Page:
LL: I get where you’re coming from, I think. Do you remember your first publication?

CEP: I had published stories in our undergraduate literary magazine.  But my first publication beyond that:  I had been in India, and I was twenty-one.  I’d been there on a Fulbright for a year and—this was during Vietnam, so we were getting student deferments.  You would get a year at a time, or you’d get drafted and get a rifle. It depended on your draft board.   Anyway, I was warned that if I didn’t get back in school – I’d already been accepted at Iowa – I was going to be drafted.  My point is when I got to Iowa, I was twenty-two; I’d been back in the country maybe ten days and I had a story in me, and there was so much pressure in me to write it that I didn’t know what I was doing at Iowa yet and didn’t really care.  I had barely found a place to live. I didn’t know the courses. I didn’t know anything about the program.  I’m in shock after a year and a half in Asia, and I clear off this dining room table and I wrote a story, and it was called The Gift.  Maybe two years later when I was getting my MFA, a guy who was the first editor of the Iowa Review came up to me and said “I always remember that story you did in workshop. May I see it?” I gave it to him and that story was published in the first issue of The Iowa Review.

LL: You must be some kind of luck. A month after I asked you that question, my first story got accepted for publication. Last question, you’ve talked about mood a couple of times. You write from a mood. Define that for me. For you, what is a mood that’s worth capturing in writing? Is it a state of being that lasts for a long amount of time and has those depths you talked about to make sure that it’s not surface clutter?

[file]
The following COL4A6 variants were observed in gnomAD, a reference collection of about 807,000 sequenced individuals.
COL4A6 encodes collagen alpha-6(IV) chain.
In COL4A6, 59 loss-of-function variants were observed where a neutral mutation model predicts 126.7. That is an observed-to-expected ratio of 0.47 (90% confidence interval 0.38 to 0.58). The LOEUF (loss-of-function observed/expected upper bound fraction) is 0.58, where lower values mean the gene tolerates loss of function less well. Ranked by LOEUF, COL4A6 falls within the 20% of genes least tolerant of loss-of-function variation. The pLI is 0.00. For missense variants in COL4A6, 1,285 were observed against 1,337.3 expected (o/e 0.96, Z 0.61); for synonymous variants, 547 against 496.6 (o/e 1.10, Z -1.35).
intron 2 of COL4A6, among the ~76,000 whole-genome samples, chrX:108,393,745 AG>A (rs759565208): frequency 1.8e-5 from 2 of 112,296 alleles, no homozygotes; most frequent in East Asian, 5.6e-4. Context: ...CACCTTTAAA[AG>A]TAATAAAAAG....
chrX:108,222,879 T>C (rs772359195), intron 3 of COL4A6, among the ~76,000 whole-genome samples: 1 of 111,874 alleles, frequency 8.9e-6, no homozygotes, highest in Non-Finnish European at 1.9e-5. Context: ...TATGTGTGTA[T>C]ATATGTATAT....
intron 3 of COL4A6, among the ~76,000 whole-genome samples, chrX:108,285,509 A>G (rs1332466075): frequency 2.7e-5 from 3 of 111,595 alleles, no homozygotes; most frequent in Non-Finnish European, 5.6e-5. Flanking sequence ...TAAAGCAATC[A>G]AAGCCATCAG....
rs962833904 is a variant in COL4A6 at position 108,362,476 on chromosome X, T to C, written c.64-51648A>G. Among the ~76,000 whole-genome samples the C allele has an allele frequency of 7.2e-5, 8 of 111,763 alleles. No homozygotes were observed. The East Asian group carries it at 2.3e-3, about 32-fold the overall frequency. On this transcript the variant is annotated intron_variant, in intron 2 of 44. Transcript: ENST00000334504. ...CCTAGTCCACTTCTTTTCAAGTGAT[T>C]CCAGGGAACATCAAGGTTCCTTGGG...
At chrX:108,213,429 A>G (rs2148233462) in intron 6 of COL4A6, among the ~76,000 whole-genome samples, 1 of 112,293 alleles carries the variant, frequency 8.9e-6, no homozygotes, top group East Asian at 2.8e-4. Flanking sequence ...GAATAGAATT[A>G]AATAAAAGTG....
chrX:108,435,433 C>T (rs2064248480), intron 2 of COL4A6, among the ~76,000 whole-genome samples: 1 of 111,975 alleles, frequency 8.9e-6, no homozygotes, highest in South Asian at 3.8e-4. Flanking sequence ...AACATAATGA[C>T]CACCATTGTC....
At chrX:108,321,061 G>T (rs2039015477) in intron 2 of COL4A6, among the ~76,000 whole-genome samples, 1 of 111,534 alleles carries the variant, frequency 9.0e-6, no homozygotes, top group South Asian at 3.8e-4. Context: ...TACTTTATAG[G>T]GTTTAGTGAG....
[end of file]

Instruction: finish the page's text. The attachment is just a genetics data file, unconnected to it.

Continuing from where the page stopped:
CEP: It’s a combination. Maybe the closest analogy, but it’s not a great one, would be a place in yourself, and there’s everything going on out in the world but you can go to a place in yourself. Some place that you’ve arrived. You come on a place or a mood or an atmosphere and you feel it; it’s there. And every time you look, it’s still there, and it’s got something in it that’s drawing you in to it.

LL: Sounds like love.

CEP: Oh, well, maybe it is exactly like love, has that same quality, although the difference, it isn’t the felicitous high of love, it can be something else, it can be dark.


Lisa Levine's fiction has been published with Bird's Thumb and Edge 49. Her interviews and reviews have appeared in Edible Baja ArizonaCutBank, Kore Press, and Sonora Review. Lisa lives in Tucson, where she reads fiction submissions for Kore Press and teaches writing at Pima Community College. Her nature blog, Alluvial Dispositions, features scenes from her work-in-progress, a caving novel.

C. E. Poverman’s first book of stories, The Black Velvet Girl, won the Iowa School of Letters Award for Short Fiction. His second, Skin, was nominated for the Los Angeles Times Book Prize. His stories have appeared in the O’Henry, Pushcart, and other anthologies. His previous novels are Susan, Solomon’s Daughter, My Father in Dreams, and On the Edge.  He has been a Fulbright Scholar to India and the recipient of a grant from the National Endowment for the Arts. He was also awarded a Chesterfield Screenwriting Fellowship at Universal Studios.  His stories have been anthologized in the O’Henry Awards and Pushcart.  He’s a former director of creative writing at the University of Arizona. With his wife, Linda, he divides his time between Tucson and San Diego.  Poverman’s most recent book is a novel of suspense and obsession, Love by Drowning (August 2013). Visit his website for more information.